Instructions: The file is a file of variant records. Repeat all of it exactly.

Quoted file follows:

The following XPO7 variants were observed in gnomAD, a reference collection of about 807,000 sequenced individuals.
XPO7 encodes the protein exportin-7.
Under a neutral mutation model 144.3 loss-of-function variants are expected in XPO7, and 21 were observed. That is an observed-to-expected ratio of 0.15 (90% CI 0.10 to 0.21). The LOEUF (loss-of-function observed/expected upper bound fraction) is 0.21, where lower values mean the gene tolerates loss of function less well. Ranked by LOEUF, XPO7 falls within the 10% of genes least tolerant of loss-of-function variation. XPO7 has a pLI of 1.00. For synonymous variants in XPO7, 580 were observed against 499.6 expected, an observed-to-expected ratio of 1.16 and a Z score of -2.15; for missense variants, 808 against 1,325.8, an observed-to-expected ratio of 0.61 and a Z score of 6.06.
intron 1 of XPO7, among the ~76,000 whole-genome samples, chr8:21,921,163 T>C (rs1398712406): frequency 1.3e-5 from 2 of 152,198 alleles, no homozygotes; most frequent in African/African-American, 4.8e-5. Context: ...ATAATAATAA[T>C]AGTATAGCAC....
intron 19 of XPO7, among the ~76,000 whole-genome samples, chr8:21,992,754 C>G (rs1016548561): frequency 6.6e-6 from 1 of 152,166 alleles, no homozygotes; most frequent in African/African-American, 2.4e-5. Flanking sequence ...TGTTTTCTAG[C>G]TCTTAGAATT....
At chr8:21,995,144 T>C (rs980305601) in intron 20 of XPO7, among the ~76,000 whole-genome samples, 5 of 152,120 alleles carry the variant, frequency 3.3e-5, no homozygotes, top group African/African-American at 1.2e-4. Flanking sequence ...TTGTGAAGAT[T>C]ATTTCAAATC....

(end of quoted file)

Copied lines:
The following XPO7 variants were observed in gnomAD, a reference collection of about 807,000 sequenced individuals.
XPO7 encodes the protein exportin-7.
Under a neutral mutation model 144.3 loss-of-function variants are expected in XPO7, and 21 were observed. That is an observed-to-expected ratio of 0.15 (90% CI 0.10 to 0.21). The LOEUF (loss-of-function observed/expected upper bound fraction) is 0.21, where lower values mean the gene tolerates loss of function less well. Ranked by LOEUF, XPO7 falls within the 10% of genes least tolerant of loss-of-function variation. XPO7 has a pLI of 1.00. For synonymous variants in XPO7, 580 were observed against 499.6 expected, an observed-to-expected ratio of 1.16 and a Z score of -2.15; for missense variants, 808 against 1,325.8, an observed-to-expected ratio of 0.61 and a Z score of 6.06.
intron 1 of XPO7, among the ~76,000 whole-genome samples, chr8:21,921,163 T>C (rs1398712406): frequency 1.3e-5 from 2 of 152,198 alleles, no homozygotes; most frequent in African/African-American, 4.8e-5. Context: ...ATAATAATAA[T>C]AGTATAGCAC....
intron 19 of XPO7, among the ~76,000 whole-genome samples, chr8:21,992,754 C>G (rs1016548561): frequency 6.6e-6 from 1 of 152,166 alleles, no homozygotes; most frequent in African/African-American, 2.4e-5. Flanking sequence ...TGTTTTCTAG[C>G]TCTTAGAATT....
At chr8:21,995,144 T>C (rs980305601) in intron 20 of XPO7, among the ~76,000 whole-genome samples, 5 of 152,120 alleles carry the variant, frequency 3.3e-5, no homozygotes, top group African/African-American at 1.2e-4. Flanking sequence ...TTGTGAAGAT[T>C]ATTTCAAATC....